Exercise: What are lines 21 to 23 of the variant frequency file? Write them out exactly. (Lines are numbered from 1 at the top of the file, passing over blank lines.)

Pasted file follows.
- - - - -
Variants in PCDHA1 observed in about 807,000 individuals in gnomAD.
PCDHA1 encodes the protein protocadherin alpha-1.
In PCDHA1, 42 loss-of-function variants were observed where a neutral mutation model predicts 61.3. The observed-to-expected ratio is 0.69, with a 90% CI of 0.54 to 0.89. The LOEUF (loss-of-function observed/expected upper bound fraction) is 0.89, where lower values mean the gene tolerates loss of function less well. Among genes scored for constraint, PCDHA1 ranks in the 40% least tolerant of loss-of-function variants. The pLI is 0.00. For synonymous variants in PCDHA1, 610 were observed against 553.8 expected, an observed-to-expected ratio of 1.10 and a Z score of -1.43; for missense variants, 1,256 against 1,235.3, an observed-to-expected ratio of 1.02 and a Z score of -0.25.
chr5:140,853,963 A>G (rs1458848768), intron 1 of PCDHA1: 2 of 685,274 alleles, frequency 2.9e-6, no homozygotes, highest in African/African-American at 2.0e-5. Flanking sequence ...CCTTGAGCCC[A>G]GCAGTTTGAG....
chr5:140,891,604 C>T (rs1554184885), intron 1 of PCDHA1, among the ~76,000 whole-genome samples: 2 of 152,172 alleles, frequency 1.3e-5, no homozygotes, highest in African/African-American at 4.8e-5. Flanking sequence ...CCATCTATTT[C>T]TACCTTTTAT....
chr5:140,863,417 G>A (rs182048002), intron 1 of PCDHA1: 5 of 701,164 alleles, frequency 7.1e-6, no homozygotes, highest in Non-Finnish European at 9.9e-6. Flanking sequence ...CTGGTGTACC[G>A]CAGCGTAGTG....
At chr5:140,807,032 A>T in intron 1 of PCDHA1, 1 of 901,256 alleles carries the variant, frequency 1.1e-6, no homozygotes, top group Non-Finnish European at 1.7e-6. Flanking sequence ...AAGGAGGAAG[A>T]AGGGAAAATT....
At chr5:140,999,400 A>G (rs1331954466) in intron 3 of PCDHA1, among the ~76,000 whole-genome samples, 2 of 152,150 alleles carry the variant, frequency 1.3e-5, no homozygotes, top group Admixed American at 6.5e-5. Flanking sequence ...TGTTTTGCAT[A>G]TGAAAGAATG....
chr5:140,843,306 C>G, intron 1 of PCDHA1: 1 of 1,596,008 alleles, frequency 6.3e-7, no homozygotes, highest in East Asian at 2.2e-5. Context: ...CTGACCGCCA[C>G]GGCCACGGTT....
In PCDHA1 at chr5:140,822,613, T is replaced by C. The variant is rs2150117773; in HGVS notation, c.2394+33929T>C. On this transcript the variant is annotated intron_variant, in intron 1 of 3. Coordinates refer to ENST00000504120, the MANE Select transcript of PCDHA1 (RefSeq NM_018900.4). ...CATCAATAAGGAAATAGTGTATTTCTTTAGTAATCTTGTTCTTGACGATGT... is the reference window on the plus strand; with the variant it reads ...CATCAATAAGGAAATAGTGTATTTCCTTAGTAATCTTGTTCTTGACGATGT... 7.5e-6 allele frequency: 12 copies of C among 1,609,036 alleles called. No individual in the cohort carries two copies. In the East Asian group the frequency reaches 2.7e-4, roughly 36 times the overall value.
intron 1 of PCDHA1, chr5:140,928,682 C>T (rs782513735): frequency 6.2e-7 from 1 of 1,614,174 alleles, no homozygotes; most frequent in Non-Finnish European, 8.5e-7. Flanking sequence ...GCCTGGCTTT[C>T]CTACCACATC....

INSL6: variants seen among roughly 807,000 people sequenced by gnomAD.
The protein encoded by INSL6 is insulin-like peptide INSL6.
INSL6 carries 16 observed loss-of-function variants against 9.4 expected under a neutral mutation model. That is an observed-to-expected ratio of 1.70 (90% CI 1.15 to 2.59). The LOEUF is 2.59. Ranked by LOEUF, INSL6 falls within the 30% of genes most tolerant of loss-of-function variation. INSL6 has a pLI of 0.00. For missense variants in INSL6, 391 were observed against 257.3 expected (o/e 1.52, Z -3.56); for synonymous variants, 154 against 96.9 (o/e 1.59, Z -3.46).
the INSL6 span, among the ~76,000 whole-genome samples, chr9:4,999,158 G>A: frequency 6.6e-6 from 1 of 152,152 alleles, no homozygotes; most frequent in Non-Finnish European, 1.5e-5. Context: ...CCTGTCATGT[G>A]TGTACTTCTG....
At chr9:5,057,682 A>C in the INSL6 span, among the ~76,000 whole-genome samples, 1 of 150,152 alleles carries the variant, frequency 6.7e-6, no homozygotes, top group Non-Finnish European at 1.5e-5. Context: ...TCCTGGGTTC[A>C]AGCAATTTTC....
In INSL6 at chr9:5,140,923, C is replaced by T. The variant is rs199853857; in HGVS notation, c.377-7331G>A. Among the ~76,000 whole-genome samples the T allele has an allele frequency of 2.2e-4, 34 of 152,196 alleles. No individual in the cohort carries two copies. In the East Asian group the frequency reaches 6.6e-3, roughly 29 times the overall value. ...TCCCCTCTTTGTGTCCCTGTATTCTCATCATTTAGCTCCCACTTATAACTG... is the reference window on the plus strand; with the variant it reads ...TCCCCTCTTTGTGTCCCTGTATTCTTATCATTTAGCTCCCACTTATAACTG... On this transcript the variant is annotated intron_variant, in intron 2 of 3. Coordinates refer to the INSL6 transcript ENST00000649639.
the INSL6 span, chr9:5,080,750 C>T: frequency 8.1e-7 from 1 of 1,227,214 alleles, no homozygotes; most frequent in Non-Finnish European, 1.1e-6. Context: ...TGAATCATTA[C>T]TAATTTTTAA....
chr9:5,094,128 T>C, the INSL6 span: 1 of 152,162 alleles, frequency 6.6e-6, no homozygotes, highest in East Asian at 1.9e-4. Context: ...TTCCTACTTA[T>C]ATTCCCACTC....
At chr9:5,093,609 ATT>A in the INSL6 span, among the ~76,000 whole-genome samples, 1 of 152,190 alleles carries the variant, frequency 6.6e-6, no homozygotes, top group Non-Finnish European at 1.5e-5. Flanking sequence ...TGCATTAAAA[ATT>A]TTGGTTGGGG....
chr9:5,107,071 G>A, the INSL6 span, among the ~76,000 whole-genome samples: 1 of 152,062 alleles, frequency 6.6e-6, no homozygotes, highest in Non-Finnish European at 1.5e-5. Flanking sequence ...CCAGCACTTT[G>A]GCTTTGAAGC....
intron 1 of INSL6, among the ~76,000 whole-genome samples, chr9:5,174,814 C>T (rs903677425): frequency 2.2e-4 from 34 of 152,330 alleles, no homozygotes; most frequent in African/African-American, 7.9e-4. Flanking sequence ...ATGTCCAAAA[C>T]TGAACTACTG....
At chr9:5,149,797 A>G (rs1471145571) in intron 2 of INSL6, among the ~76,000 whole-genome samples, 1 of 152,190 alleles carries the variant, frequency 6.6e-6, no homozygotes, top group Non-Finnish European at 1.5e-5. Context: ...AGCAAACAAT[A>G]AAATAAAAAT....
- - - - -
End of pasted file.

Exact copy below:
chr9:5,107,071 G>A, the INSL6 span, among the ~76,000 whole-genome samples: 1 of 152,062 alleles, frequency 6.6e-6, no homozygotes, highest in Non-Finnish European at 1.5e-5. Flanking sequence ...CCAGCACTTT[G>A]GCTTTGAAGC....
intron 1 of INSL6, among the ~76,000 whole-genome samples, chr9:5,174,814 C>T (rs903677425): frequency 2.2e-4 from 34 of 152,330 alleles, no homozygotes; most frequent in African/African-American, 7.9e-4. Flanking sequence ...ATGTCCAAAA[C>T]TGAACTACTG....
At chr9:5,149,797 A>G (rs1471145571) in intron 2 of INSL6, among the ~76,000 whole-genome samples, 1 of 152,190 alleles carries the variant, frequency 6.6e-6, no homozygotes, top group Non-Finnish European at 1.5e-5. Context: ...AGCAAACAAT[A>G]AAATAAAAAT....